Meredith also demonstrates that these cultural differences are not the only factors that have indicated China or India’s development.  China indeed made some strategic policy initiatives that India failed to institute from the start, including China’s primary initial objectives such as infrastructure projects, a strong educational foundation, and a focus on rural incomes (Page 156). I think that Meredith is correct in attributing these three factors as the primary underlying triggers of change that resulted in a much faster rise in China than India.   

Meredith also excels in her ability to take India and China as case studies for an even larger argument of how the world of business and industry is rapidly changing.  Her chapter on the Disassembly Line was particularly relevant for MBA students.  Henry Ford revolutionized manufacturing and industry through his assembly line.  Bringing talented and well-paid workers together to see the development of a product all the way through was one of the biggest turning points in economic history.  Today however, the disbursement of different steps to different countries where people of different cultures put together a conglomeration of different products is the next big turning point in economic history.  Our perceptions of modern business have been transformed by this chapter and Meredith highlights the growing internationalization of trade and what those implications are even on American businesses. Today business has become a sort of black hole, where no one can really comprehend the depth and complexity and reach of a business cycle. This web of interconnectedness is getting even more difficult to navigate, making it more complicated to compete in this age of globalization.

Where Meredith Falls Short:

The main flaw of The Elephant and the Dragon is the fact that it is a little bit outdated.  Published in 2008, almost all of its major themes are still relevant but there have been a few significant events that have happened in the past few years that would be extremely additive to Meredith’s work. Issues such as China’s role in the South China Sea, along with the 2008 and 2011 food crises, the financial crisis, and the democratic revolution spurred by the Arab Spring all have lasting implications on the roles of China and India. 

Meredith also primarily had an economic focus to her book. She discussed politics in the domestic context, but failed to demonstrate how China and India’s economic power was going to transfer over into international political power.  For example, how can China and India take on new diplomatic roles with North Korea or Iran? Or will India and China partner with other developing countries to assist with their rise? Or will the size and power of China and India make them exempt from many international norms, similarly to how the U.S. plays be an entirely different set of rules than  the rest of the world?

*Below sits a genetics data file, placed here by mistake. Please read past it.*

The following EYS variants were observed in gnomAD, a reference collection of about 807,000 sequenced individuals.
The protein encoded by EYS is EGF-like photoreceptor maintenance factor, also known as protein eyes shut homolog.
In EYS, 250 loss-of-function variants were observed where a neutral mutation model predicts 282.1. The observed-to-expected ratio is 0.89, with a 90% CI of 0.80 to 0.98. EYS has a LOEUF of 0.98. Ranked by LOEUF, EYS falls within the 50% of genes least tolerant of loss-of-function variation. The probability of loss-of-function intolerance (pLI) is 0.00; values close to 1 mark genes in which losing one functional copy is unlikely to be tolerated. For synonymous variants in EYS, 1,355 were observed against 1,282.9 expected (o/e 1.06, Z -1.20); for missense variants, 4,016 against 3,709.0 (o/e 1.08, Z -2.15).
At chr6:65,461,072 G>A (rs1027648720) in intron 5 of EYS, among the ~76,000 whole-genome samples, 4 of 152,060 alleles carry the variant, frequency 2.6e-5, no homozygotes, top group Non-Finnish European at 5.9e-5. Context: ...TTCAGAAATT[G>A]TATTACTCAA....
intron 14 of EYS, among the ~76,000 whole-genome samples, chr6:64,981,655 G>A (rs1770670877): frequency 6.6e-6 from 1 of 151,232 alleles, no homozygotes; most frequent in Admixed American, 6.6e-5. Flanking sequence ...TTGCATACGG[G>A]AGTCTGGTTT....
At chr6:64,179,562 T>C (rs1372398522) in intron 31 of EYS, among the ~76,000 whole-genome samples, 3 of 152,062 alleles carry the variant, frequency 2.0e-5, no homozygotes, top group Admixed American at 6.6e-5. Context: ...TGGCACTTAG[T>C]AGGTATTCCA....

Finally, Meredith’s book is an accurate portrayal of the growing competition between China and India; however she does not propose how these two models of growth and development will serve as benchmarks for other developing countries.  Will developing countries be more prone to take on the Chinese model or the Indian model?  Which process is more sustainable, or are these two models of development only going to be successful in India and China because of the cultural foundations that these countries had before them?

My Recommendations and Closing Thoughts:

Overall I think that Meredith’s book The Elephant and the Dragon, was an important book for MBA’s to read, particularly before travelling to India.  It is important to understand the role India and China will play in the context of international business. Today, almost all business is international and it would be naive for Americans to fall behind in this competitive world because they are unaware of the cultural difference between the world’s economic power-houses. I personally think that both India and China are noteworthy examples of development, but I agree with Robyn Meredith.  There are several key factors that both India and China must focus on or they are going to max out in their development. Already, Brazil, Russia, Mexico, South Korea, Turkey, Indonesia, and South Africa are following closely on India and China’s heels and so the competition is only become more intense in the next few decades.  China and India will soon find that it isn’t enough to rely on macro-economic development as their sole measure of progress.  Meredith’s note of the younger generations and her reference to Thomas Friedman’s “Demographic Dividend” will indeed be a crucial determiner of 21st century power.  This up-in-coming generation who are already growing up in a world vastly different from their parents, are going to set the stage for economic, sociological, political, religious, and cultural change.